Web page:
California Responder Devotes Herself to Technical Rescue

By Daniel J.O’Connell

Ana Garcia works tirelessly to protect workers and entrants in confined space workzones, creating a safer environment for all. Exposing workers to toxic and explosive gases in confined spaces is both dangerous and a violation of several OSHA regulations. Ana insures workers are fully protected by using proactive safety and hazard analysis, initial and continuous atmospheric air testing, and careful observation of workers. Onsite rescue teams are responsible for controlling hazards before workers enter a confined space.

Ana Isabel Garcia, NREMT

Ana is a registered Emergency Medical Technician (EMT), a state certified Confined Space Rescue Technician, and an active member of the ANSI/ASSE Z117 Standard Committee for Confined Space Safety since 2007. Ms. Garcia is a passionate advocate of occupational safety and health, and is a state certified Confined Space Rescue Technician. Ana is committed to changing the status quo for women and minorities in the Technical Rescue field.

It was during her junior year in high school that she became interested in Technical Rescue, and volunteered with the Fremont Fire Department Community Emergency Response Team (CERT) program. This triggered Ms. Garcia’s curiosity in emergency medical technology and life rescue and what steps she would have to take to win a place as a professional rescuer in a world dominated by male participants. After graduating high school in Fremont California, Ana began training to obtain Emergency Medical Technician (EMT) certification. At 17, Ana was the youngest person to ever attend the EMT class, and she worked hard to excel in her class, learning by practice how to become an emergency medical technician.

During EMT training, Ana heard about a local rescue cadet program for youth ages 16 to 20, a program hosted by a local technical rescue team. Ana was accepted into the program and during her internship realized that someday she was going to be a leader in the Technical Rescue field.

As result of the decline in fire department funding during the economic depression of 2012, standard specialty services (standby rescue) previously provided by local fire departments had now been curtailed. Local government agencies relying on their local fire departments to support them, were now faced with the added challenge of finding a replacement so they could perform maintenance and repair services safely. Many local public works and water agencies did not have an in-house rescue team, as agencies performing work in confined space are mandated by federal and state law to comply with stringent safety regulations before conducting work within these potentially dangerous locations. Agencies having identified Permit Required Confined Space [1] (PRCS) onsite, had no choice but to seek out an alternative rescue service provider. Just as she predicted at a young age, technical rescue service providers have grown exponentially in response to the demand from government agencies, manufacturing, and building sector.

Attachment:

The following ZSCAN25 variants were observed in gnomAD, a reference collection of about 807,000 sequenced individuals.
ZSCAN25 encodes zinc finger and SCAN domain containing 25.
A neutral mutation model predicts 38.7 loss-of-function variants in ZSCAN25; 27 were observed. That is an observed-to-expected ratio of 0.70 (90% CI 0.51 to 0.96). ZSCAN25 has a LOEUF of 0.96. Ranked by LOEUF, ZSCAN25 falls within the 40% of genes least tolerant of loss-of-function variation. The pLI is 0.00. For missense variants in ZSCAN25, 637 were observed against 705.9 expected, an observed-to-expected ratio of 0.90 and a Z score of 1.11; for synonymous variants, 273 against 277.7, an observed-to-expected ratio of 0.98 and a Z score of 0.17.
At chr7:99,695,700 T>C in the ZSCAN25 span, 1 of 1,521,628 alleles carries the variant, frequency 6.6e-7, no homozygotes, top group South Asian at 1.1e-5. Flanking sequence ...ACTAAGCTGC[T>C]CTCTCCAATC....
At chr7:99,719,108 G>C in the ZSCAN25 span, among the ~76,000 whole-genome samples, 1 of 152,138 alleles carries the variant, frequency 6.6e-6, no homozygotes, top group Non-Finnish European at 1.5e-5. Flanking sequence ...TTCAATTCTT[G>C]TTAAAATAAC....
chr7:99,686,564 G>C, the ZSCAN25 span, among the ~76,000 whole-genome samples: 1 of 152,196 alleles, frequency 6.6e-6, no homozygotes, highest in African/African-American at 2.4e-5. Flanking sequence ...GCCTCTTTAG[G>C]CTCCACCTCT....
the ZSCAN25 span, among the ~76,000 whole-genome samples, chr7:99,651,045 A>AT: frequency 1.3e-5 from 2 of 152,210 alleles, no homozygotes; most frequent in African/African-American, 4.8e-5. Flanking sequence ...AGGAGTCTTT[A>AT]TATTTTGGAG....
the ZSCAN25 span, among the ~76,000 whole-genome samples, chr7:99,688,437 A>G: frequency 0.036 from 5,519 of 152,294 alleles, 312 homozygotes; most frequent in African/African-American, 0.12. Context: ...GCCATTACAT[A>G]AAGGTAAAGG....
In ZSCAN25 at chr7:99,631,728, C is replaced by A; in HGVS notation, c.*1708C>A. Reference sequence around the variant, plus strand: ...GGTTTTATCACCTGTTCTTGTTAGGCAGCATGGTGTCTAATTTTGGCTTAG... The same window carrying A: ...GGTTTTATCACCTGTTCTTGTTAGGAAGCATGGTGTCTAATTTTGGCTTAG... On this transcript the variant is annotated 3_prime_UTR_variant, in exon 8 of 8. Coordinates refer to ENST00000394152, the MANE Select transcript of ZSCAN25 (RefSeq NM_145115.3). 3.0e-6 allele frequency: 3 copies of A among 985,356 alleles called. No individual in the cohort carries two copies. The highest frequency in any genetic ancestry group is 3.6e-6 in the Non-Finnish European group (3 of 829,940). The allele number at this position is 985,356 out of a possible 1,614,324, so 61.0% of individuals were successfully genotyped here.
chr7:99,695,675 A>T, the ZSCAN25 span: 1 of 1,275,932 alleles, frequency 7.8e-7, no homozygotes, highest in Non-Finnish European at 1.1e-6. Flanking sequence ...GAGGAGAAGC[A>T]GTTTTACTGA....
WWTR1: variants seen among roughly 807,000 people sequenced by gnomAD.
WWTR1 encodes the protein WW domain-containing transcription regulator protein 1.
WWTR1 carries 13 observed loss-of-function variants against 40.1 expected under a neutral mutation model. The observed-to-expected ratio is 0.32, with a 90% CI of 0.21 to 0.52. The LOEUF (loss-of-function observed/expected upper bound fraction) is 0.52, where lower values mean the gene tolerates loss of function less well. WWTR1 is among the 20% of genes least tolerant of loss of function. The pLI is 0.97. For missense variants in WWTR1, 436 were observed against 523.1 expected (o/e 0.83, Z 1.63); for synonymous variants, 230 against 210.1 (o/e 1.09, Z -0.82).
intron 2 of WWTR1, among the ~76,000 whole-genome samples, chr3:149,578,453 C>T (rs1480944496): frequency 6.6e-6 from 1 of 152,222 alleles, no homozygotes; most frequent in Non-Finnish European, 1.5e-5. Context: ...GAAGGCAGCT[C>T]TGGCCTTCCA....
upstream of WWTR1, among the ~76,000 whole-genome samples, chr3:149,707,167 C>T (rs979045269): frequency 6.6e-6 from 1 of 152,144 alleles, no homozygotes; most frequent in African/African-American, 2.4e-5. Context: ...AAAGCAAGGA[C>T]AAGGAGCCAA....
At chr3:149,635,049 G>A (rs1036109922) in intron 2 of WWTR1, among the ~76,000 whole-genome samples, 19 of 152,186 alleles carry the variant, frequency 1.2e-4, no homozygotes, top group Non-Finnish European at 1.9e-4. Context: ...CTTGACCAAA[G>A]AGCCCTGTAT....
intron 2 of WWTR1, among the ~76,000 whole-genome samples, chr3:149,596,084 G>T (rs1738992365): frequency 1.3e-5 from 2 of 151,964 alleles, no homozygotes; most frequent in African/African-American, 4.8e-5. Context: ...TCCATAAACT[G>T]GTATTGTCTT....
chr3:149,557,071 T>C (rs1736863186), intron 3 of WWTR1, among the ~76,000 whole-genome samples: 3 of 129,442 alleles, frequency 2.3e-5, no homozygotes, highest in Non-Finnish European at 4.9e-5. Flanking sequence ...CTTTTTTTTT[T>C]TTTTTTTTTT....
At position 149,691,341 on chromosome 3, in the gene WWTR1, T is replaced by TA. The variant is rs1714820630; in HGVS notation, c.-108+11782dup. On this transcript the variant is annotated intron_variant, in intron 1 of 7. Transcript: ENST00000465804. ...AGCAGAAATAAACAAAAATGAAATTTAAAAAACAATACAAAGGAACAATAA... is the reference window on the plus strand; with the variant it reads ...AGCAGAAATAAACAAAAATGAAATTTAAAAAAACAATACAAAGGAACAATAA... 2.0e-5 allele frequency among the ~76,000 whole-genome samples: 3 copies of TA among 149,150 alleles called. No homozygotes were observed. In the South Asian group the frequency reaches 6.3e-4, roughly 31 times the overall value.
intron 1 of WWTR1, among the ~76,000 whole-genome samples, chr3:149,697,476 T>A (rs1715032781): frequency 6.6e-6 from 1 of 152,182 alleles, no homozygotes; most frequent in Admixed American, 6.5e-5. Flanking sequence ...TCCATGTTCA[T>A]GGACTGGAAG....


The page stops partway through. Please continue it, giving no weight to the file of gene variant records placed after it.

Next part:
To highlight the current situation agencies face [2] a recent report authored by Daniel J. O’Connell, a certified rescue professional explains, “Over the last decade when an agency needed a confined space rescue team, contact would have been made with the local fire department requesting a standby team. As fire departments were forced to reduce operating budgets, it had affected many special non-emergency services (normally provided), the entrepreneurs answered the call by establishing independent technical rescue teams, and the dawn of a new service industry was born.”

Ms. Garcia feels there’s no time to lose for women and minorities to enter the technical rescue field.

Ms. Garcia feels there's no time to lose for women and minorities to enter the technical rescue field.

Safety Mentor & Educator